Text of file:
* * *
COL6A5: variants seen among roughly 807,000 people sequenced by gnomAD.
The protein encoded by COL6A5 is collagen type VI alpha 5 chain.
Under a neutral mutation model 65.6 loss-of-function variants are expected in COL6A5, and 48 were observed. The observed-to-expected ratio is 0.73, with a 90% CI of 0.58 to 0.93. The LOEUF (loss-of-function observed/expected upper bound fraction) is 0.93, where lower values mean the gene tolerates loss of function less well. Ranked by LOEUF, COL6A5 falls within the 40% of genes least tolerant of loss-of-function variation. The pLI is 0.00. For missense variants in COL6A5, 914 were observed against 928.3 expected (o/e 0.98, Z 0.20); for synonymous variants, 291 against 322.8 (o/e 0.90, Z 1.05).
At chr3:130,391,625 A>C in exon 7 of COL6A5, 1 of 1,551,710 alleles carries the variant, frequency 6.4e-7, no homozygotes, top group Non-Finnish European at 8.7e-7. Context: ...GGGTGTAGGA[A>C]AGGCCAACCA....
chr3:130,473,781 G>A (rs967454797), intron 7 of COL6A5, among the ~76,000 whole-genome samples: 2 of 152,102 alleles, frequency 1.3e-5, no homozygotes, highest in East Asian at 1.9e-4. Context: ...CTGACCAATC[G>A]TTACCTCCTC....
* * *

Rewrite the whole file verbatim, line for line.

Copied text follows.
COL6A5: variants seen among roughly 807,000 people sequenced by gnomAD.
The protein encoded by COL6A5 is collagen type VI alpha 5 chain.
Under a neutral mutation model 65.6 loss-of-function variants are expected in COL6A5, and 48 were observed. The observed-to-expected ratio is 0.73, with a 90% CI of 0.58 to 0.93. The LOEUF (loss-of-function observed/expected upper bound fraction) is 0.93, where lower values mean the gene tolerates loss of function less well. Ranked by LOEUF, COL6A5 falls within the 40% of genes least tolerant of loss-of-function variation. The pLI is 0.00. For missense variants in COL6A5, 914 were observed against 928.3 expected (o/e 0.98, Z 0.20); for synonymous variants, 291 against 322.8 (o/e 0.90, Z 1.05).
At chr3:130,391,625 A>C in exon 7 of COL6A5, 1 of 1,551,710 alleles carries the variant, frequency 6.4e-7, no homozygotes, top group Non-Finnish European at 8.7e-7. Context: ...GGGTGTAGGA[A>C]AGGCCAACCA....
chr3:130,473,781 G>A (rs967454797), intron 7 of COL6A5, among the ~76,000 whole-genome samples: 2 of 152,102 alleles, frequency 1.3e-5, no homozygotes, highest in East Asian at 1.9e-4. Context: ...CTGACCAATC[G>A]TTACCTCCTC....